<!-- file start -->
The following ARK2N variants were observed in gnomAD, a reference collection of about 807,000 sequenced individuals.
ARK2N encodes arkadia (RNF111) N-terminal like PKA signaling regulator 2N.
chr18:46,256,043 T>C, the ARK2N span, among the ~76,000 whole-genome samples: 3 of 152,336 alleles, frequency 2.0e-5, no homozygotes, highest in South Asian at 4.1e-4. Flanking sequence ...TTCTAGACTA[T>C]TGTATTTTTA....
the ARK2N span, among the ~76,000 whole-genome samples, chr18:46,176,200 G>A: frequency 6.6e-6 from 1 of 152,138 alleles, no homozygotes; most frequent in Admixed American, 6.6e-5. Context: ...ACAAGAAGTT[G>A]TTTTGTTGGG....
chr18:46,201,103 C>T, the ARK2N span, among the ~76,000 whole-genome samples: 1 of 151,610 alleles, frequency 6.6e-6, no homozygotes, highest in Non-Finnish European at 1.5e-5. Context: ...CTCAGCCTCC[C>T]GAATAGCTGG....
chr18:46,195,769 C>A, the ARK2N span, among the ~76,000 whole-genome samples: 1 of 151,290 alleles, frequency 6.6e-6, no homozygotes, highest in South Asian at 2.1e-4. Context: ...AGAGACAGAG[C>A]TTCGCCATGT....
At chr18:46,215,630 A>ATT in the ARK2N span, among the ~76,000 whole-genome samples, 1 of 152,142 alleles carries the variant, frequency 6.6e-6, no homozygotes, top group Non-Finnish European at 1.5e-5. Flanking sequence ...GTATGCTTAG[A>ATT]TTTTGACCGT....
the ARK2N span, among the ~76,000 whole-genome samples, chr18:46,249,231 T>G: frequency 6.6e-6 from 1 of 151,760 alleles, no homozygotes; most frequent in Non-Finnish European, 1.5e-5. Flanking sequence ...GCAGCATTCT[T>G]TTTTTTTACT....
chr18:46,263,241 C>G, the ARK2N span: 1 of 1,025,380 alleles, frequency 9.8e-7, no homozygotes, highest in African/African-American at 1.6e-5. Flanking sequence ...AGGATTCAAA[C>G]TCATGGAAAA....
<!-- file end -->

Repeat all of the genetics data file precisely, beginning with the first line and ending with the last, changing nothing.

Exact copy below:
The following ARK2N variants were observed in gnomAD, a reference collection of about 807,000 sequenced individuals.
ARK2N encodes arkadia (RNF111) N-terminal like PKA signaling regulator 2N.
chr18:46,256,043 T>C, the ARK2N span, among the ~76,000 whole-genome samples: 3 of 152,336 alleles, frequency 2.0e-5, no homozygotes, highest in South Asian at 4.1e-4. Flanking sequence ...TTCTAGACTA[T>C]TGTATTTTTA....
the ARK2N span, among the ~76,000 whole-genome samples, chr18:46,176,200 G>A: frequency 6.6e-6 from 1 of 152,138 alleles, no homozygotes; most frequent in Admixed American, 6.6e-5. Context: ...ACAAGAAGTT[G>A]TTTTGTTGGG....
chr18:46,201,103 C>T, the ARK2N span, among the ~76,000 whole-genome samples: 1 of 151,610 alleles, frequency 6.6e-6, no homozygotes, highest in Non-Finnish European at 1.5e-5. Context: ...CTCAGCCTCC[C>T]GAATAGCTGG....
chr18:46,195,769 C>A, the ARK2N span, among the ~76,000 whole-genome samples: 1 of 151,290 alleles, frequency 6.6e-6, no homozygotes, highest in South Asian at 2.1e-4. Context: ...AGAGACAGAG[C>A]TTCGCCATGT....
At chr18:46,215,630 A>ATT in the ARK2N span, among the ~76,000 whole-genome samples, 1 of 152,142 alleles carries the variant, frequency 6.6e-6, no homozygotes, top group Non-Finnish European at 1.5e-5. Flanking sequence ...GTATGCTTAG[A>ATT]TTTTGACCGT....
the ARK2N span, among the ~76,000 whole-genome samples, chr18:46,249,231 T>G: frequency 6.6e-6 from 1 of 151,760 alleles, no homozygotes; most frequent in Non-Finnish European, 1.5e-5. Flanking sequence ...GCAGCATTCT[T>G]TTTTTTTACT....
chr18:46,263,241 C>G, the ARK2N span: 1 of 1,025,380 alleles, frequency 9.8e-7, no homozygotes, highest in African/African-American at 1.6e-5. Flanking sequence ...AGGATTCAAA[C>G]TCATGGAAAA....